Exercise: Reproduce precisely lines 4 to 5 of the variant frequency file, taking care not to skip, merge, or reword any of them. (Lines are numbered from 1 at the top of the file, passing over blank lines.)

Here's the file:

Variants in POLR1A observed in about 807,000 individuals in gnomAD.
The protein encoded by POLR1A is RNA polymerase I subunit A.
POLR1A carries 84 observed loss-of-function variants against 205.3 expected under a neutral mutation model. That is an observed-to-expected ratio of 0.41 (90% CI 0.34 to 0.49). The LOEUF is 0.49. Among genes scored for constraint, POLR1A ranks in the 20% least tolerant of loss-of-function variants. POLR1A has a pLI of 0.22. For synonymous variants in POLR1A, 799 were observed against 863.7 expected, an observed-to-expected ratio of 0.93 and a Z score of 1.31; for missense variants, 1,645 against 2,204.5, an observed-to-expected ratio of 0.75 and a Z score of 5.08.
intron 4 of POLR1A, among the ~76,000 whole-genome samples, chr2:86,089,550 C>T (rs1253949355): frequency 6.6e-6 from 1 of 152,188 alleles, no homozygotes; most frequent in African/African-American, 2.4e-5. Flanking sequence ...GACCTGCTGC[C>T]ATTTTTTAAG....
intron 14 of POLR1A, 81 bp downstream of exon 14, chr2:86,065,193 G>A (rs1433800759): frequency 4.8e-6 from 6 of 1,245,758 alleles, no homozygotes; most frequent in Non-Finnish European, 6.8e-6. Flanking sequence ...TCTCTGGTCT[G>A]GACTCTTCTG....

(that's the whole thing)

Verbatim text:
intron 4 of POLR1A, among the ~76,000 whole-genome samples, chr2:86,089,550 C>T (rs1253949355): frequency 6.6e-6 from 1 of 152,188 alleles, no homozygotes; most frequent in African/African-American, 2.4e-5. Flanking sequence ...GACCTGCTGC[C>T]ATTTTTTAAG....
intron 14 of POLR1A, 81 bp downstream of exon 14, chr2:86,065,193 G>A (rs1433800759): frequency 4.8e-6 from 6 of 1,245,758 alleles, no homozygotes; most frequent in Non-Finnish European, 6.8e-6. Flanking sequence ...TCTCTGGTCT[G>A]GACTCTTCTG....